President’s Report-May 2019

With May comes the time for Blue Ridge residents to seemingly come out of hibernation – or at least we start seeing each other more enjoying the outdoors. You may have noticed our landscaping company hard at work with spring spruce up and preparation for increased activity at our two parks: Woodbine and the Beach Park.  And you may have noticed the reflective tape hung all over the Beach Park play structure to prevent the killdeers from nesting nearby.

What does all that mean? It is time for my annual column devoted to park etiquette and use guidelines! During the late spring and summer, our parks get a lot of use by different people with different purposes and sometimes that can create problems. Although this may feel a little early in the season, here are some friendly reminders about perennial issues and ways we can all make our experience more enjoyable.  

Pack it in/Pack it out. 

Cabana renters are required to clean up their area and haul out all of their garbage. Groups that have impromptu picnics or barbecues should do it too. We simply don’t have enough bins or frequency of pick-up to handle back-to-back parties and picnics over the course of a sunny and busy weekend. One of the reasons we raised the Cabana rental cost was to help cover the cost of extra pick-ups (that are not easily scheduled). The basic tenant should be to try to leave things better than when you arrived.

 Dogs – not necessarily everyone’s best friend.

Dog owners are probably the most consistent year around users of our parks and the beach. Issues arise, however, when dogs are sharing the space with more residents during the summer. We all love our own dogs. But we sometimes too easily forgive their transgressions which can range from being too aggressive with other dogs to being overly friendly with people who don’t like or are afraid of them to disturbing that intimate family picnic.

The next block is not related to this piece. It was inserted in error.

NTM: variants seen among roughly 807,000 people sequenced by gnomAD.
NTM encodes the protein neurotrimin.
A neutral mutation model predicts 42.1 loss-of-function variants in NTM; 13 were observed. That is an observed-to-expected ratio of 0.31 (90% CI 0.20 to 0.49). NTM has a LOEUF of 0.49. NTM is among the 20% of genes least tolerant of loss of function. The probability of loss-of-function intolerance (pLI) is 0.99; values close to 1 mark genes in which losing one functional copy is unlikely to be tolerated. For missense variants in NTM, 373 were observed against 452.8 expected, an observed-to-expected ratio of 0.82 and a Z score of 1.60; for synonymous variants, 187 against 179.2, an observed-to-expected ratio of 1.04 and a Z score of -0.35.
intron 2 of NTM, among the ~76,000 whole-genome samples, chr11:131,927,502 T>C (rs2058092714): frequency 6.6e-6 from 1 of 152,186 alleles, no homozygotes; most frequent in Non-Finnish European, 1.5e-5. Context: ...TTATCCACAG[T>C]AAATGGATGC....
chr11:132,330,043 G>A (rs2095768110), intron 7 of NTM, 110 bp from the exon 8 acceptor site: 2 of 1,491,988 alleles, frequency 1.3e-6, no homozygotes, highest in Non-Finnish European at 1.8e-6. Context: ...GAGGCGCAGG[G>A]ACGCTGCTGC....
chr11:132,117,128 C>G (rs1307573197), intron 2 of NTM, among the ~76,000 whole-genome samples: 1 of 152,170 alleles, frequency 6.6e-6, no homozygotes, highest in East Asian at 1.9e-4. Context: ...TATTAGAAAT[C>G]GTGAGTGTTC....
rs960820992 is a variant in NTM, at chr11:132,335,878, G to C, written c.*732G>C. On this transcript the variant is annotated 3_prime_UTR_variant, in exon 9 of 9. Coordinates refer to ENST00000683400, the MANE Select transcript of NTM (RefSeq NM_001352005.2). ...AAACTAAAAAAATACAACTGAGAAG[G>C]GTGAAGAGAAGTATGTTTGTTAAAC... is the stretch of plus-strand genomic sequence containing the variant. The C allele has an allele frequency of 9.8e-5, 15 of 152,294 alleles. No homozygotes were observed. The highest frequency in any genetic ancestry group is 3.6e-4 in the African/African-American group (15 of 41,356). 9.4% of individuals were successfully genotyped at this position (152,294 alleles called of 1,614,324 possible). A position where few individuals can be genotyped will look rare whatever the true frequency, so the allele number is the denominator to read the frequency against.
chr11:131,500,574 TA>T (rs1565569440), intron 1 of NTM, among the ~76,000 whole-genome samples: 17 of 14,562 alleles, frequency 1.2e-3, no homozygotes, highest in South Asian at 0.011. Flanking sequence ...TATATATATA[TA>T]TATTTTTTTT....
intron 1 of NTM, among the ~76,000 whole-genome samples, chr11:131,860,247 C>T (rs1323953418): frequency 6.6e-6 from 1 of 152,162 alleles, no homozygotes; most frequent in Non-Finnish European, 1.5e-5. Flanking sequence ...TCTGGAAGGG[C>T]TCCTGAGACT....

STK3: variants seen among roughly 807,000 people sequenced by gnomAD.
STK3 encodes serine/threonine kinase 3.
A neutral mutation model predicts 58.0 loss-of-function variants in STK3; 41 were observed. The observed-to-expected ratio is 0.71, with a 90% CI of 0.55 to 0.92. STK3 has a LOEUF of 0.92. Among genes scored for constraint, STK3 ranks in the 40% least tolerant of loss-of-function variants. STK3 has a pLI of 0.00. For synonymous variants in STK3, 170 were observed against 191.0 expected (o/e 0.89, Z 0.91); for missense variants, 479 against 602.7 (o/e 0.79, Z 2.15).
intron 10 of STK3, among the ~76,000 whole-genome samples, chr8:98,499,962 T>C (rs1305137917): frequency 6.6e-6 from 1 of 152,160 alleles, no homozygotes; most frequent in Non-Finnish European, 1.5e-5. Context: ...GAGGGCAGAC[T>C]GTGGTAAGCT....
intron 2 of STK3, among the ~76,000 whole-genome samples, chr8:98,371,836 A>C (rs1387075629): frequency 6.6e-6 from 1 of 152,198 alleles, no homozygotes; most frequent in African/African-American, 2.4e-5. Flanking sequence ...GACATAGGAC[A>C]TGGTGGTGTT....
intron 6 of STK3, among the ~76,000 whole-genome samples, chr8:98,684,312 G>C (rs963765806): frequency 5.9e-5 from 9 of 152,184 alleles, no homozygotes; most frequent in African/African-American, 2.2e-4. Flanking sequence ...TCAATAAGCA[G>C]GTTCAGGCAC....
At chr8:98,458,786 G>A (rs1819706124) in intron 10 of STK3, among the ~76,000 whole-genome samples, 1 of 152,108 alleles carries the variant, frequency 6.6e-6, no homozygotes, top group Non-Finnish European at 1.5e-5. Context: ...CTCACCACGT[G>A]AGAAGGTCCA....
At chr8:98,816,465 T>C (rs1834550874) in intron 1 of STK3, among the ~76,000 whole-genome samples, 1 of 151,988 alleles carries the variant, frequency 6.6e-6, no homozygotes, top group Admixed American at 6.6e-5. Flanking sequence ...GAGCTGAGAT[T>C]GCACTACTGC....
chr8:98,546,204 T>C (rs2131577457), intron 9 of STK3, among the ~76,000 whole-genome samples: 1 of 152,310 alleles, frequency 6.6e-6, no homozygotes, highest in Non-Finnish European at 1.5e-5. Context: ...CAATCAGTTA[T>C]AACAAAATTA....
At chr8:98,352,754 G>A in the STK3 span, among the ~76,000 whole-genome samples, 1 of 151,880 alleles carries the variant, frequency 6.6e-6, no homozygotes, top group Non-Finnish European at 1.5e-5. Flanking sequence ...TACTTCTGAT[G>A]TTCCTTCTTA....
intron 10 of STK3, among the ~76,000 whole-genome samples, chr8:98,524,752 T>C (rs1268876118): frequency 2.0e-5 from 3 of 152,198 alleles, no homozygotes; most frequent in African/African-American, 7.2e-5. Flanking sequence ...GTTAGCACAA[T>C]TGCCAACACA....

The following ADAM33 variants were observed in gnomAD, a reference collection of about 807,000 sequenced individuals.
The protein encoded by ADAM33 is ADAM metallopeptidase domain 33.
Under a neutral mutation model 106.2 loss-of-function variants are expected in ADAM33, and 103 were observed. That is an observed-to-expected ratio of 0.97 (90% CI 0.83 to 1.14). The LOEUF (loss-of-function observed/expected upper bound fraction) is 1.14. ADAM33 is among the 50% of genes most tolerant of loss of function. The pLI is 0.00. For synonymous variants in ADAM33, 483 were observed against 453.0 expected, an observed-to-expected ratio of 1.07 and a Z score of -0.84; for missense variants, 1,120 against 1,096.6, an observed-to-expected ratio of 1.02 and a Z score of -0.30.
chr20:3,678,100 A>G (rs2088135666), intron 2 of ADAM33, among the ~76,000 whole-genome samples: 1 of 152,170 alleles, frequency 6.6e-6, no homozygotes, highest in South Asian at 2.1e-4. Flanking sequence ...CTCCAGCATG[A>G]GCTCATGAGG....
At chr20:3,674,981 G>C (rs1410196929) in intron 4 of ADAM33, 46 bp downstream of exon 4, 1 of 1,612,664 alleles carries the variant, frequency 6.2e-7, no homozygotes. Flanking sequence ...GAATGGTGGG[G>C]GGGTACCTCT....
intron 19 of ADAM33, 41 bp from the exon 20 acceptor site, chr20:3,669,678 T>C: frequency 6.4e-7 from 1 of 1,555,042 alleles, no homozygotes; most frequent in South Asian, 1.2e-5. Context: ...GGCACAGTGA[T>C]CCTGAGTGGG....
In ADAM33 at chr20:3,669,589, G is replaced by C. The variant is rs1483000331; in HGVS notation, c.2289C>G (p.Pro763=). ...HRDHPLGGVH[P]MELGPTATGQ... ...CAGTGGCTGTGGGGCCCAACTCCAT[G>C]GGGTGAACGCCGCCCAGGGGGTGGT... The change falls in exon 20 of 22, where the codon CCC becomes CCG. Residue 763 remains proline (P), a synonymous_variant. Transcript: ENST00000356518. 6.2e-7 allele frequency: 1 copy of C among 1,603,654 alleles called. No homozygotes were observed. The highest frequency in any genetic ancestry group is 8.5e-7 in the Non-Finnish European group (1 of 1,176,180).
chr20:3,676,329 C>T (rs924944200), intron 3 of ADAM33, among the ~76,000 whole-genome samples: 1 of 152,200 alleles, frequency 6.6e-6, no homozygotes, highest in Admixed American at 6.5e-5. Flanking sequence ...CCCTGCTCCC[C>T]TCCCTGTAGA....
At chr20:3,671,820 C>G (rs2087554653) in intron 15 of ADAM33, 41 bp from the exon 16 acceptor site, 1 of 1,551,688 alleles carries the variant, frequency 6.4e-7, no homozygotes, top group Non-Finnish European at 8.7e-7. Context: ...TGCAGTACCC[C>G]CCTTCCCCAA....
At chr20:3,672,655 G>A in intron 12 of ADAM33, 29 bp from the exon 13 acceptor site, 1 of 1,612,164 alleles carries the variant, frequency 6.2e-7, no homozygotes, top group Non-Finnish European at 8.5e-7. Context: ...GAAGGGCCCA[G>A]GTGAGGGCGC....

It’s a real benefit to be able to have a space for our dogs to run off-leash. But with that comes some responsibility to “know your dog” and how they will react in certain situations and then be able to control them. In our family, we have one dog that doesn’t appreciate young puppies running up to him so if we see one approaching, we will leash our dog and avoid the greeting. Our other dog, if given the opportunity will leap up on a picnic table while a nice family is enjoying a meal. If we see that the Cabana is being rented or a group at the barbecues, we’ll keep our dogs on leash and do a pass through straight to the beach.

It’s all pretty common sense. As is the notion that you should keep careful watch on your dog so that you can clean-up after them. No one likes to be out there throwing the Frisbee or something and then find an unwanted substance on your shoe.      

Beach Park – After Hours

Every year there are teen parties down at the Beach Park that can cause problems. Infractions include propping the gates open all night to circumvent closing time, trash and broken bottles left on the Beach, and fires left burning to be found by early morning dog walkers. And often it can be noisy for surrounding neighbors. Sometimes we can determine party attendees through FOB tracking and the gate cameras but not always. Sometimes parents can be notified but not always. In some cases warnings can be given and if there are repeated violations, there is the potential of FOB deactivation.  I’m not sure what the answer is but a summer parental reminder about park rules and responsible clean-up wouldn’t hurt.    For the most part our communal usage of our parks works really well. There are just a few issues that come up every year. We are all owners of these neighborhood gems and we all are lucky to get to use them. 

I’ll end my column this month with a big thank you to someone who helps improve our parks every year, Fred Kern. He monitors our benches and picnic tables for maintenance needs and repairs them. This year he painted and replaced several benches just in time for those summer barbecues. He was helped by someone I know pretty well, Rhea Wallace. THANK YOU both!

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